Rcpp 1.0.4.6: Bug fix interim version

April 9, 2020
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Rcpp 1.0.4 was released on March 17, following the usual sequence of fairly involved reverse-depends check along with a call for community testing issued weeks before the release. In that email I specifically pleaded with folks to pretty-please test non-standard setups:

It would be particularly beneficial if those with “unsual” build dependencies tested it as we would increase overall coverage beyond what I get from testing against 1800+ CRAN packages. BioConductor would also be welcome.

Alas, you can’t always get what you want. Shortly after the release we were made aware that the two (large) pull request at the book ends of the 1.0.3 to 1.0.4 release period created trouble. Of these two, the earliest PR in the 1.0.4 release upset older-than-CRAN-tested installation, i.e. R 3.3.0 or before. (Why you’d want to run R 3.3.* when R 3.6.3 is current is something I will never understand, but so be it.) This got addressed in two new PRs. And the matching last PR had a bit of sloppyness leaving just about everyone alone, but not all those macbook-wearing data scientists when using newer macOS SDKs not used by CRAN. In other words, “unsual” setups. But boy, do those folks have an ability to complain. Again, two quick PRs later that was addressed. Along came a minor PR with two more Rcpp::Shield<> uses (as life is too short to manually count PROTECT and UNPROTECT). And then a real issue between R 4.0.0 and Rcpp first noticed with RcppParallel builds on Windows but then also affecting RcppArmadillo. Another quickly issued fix. So by now the count is up to six, and we arrived at Rcpp 1.0.4.6.

Which is now on CRAN, after having sat there for nearly a full week, and of course with no reason given. Because the powers that be move in mysterious ways. And don’t answer to earthlings like us.

As may transpire here, I am little tired from all this. I think we can do better, and I think we damn well should, or I may as well throw in the towel and just release to the drat repo where each of the six interim versions was available for all to take as soon as it materialized.

Anyway, here is the state of things. Rcpp has become the most popular way of enhancing R with C or C++ code. As of today, 1897 packages on CRAN depend on Rcpp for making analytical code go faster and further, along with 191 in BioConductor. And per the (partial) logs of CRAN downloads, we are running steasy at one millions downloads per month.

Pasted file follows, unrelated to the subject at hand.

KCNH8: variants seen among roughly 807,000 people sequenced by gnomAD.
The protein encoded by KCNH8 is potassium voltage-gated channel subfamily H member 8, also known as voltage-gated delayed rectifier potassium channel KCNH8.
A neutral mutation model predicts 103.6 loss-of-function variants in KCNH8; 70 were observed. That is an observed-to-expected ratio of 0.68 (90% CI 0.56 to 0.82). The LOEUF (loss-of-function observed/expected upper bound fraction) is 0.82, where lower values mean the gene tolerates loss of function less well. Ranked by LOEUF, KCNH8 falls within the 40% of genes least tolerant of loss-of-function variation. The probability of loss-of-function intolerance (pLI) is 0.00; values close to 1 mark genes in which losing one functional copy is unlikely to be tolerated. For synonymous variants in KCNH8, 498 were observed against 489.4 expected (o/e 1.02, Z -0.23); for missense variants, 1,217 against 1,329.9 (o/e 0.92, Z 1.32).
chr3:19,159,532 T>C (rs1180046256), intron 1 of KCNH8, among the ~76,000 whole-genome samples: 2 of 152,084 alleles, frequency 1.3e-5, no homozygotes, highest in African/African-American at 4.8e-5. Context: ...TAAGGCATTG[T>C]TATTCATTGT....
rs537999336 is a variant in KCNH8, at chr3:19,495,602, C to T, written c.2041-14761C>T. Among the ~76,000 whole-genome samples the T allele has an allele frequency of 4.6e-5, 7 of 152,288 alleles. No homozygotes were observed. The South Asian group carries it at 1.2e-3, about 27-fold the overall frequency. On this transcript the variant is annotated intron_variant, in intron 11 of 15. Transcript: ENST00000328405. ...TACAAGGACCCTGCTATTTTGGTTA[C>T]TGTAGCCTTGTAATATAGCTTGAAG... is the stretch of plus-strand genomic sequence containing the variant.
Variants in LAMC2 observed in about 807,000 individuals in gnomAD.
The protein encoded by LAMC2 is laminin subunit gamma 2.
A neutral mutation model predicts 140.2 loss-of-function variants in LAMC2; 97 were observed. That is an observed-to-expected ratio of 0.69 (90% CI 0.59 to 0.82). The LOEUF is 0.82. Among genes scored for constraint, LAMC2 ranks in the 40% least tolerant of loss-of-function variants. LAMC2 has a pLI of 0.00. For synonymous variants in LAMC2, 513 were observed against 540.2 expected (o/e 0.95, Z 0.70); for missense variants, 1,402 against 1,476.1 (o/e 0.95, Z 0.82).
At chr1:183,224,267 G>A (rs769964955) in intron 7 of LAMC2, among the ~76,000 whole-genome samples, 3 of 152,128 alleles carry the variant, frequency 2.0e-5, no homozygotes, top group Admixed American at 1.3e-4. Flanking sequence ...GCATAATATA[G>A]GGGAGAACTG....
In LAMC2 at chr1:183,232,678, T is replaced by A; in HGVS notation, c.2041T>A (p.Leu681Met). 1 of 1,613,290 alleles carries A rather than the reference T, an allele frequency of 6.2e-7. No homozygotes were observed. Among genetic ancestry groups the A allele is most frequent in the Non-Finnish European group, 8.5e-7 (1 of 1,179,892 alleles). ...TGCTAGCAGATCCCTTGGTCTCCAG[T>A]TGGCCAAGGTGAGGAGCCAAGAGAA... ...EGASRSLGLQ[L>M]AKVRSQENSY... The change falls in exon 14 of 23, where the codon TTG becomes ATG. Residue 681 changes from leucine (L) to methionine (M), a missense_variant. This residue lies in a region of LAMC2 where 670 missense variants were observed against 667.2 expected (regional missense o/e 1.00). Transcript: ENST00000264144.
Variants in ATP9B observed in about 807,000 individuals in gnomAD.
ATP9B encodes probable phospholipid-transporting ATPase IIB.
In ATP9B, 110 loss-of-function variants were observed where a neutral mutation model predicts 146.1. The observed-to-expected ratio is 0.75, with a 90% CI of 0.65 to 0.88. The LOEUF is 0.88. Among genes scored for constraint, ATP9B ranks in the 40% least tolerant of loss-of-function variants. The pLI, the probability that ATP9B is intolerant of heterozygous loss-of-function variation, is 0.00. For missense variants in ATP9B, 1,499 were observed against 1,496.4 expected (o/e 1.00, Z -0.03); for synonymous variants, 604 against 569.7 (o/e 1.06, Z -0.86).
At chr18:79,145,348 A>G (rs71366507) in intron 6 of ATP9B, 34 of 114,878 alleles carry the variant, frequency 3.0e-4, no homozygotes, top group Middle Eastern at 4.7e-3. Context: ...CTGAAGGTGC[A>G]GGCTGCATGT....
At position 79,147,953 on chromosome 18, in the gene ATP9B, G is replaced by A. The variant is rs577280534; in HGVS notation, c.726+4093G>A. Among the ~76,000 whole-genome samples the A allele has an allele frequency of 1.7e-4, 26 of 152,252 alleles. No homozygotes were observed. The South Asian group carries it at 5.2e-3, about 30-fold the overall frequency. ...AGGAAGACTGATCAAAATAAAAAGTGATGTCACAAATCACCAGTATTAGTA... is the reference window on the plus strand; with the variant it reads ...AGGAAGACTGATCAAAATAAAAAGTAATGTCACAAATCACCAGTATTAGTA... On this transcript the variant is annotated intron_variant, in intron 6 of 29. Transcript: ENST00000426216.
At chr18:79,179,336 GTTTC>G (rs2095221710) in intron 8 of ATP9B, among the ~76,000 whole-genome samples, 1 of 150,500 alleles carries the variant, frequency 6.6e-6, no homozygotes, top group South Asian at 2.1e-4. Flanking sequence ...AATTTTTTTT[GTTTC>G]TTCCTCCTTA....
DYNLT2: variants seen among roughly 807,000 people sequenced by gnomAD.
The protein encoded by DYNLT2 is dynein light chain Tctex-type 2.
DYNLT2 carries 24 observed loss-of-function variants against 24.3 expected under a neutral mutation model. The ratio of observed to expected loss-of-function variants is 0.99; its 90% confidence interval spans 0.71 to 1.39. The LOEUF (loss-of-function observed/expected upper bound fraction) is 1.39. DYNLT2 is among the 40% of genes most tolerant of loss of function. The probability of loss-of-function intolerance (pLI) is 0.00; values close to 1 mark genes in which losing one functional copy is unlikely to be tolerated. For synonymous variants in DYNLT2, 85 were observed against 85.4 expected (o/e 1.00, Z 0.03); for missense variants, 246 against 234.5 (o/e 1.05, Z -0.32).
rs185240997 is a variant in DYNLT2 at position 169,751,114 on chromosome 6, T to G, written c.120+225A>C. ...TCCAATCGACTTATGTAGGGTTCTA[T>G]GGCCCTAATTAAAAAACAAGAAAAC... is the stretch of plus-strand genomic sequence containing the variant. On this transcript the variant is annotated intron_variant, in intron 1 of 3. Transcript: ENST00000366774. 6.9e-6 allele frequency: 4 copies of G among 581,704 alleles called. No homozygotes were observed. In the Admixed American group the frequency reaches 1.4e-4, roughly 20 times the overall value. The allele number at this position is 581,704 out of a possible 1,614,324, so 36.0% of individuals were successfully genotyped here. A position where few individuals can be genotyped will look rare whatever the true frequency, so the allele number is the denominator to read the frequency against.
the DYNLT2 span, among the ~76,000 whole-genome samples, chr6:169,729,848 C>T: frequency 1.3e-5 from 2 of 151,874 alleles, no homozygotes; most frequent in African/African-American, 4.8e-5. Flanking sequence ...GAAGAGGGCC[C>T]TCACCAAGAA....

The changes for this interim version are summarized below.

Changes in Rcpp patch release version 1.0.4.6 (2020-04-02)

  • Changes in Rcpp API:

    • The exception handler code in #1043 was updated to ensure proper include behavior (Kevin in #1047 fixing #1046).

    • A missing Rcpp_list6 definition was added to support R 3.3.* builds (Davis Vaughan in #1049 fixing #1048).

    • Missing Rcpp_list{2,3,4,5} definition were added to the Rcpp namespace (Dirk in #1054 fixing #1053).

    • A further updated corrected the header include and provided a missing else branch (Mattias Ellert in #1055).

    • Two more assignments are protect with Rcpp::Shield (Dirk in #1059)

  • Changes in Rcpp Attributes:

    • Empty strings are not passed to R CMD SHLIB which was seen with R 4.0.0 on Windows (Kevin in #1062 fixing #1061).
  • Changes in Rcpp Deployment:

    • Travis CI unit tests now run a matrix over the versions of R also tested at CRAN (rel/dev/oldrel/oldoldrel), and coverage runs in parallel for a net speed-up (Dirk in #1056 and #1057).

Thanks to CRANberries, you can also look at a diff to the previous release. Questions, comments etc should go to the rcpp-devel mailing list off the R-Forge page. Bugs reports are welcome at the GitHub issue tracker as well (where one can also search among open or closed issues); questions are also welcome under rcpp tag at StackOverflow which also allows searching among the (currently) 2356 previous questions.

If you like this or other open-source work I do, you can now sponsor me at GitHub. For the first year, GitHub will match your contributions.

This post by Dirk Eddelbuettel originated on his Thinking inside the box blog. Please report excessive re-aggregation in third-party for-profit settings.

To leave a comment for the author, please follow the link and comment on their blog: Thinking inside the box .

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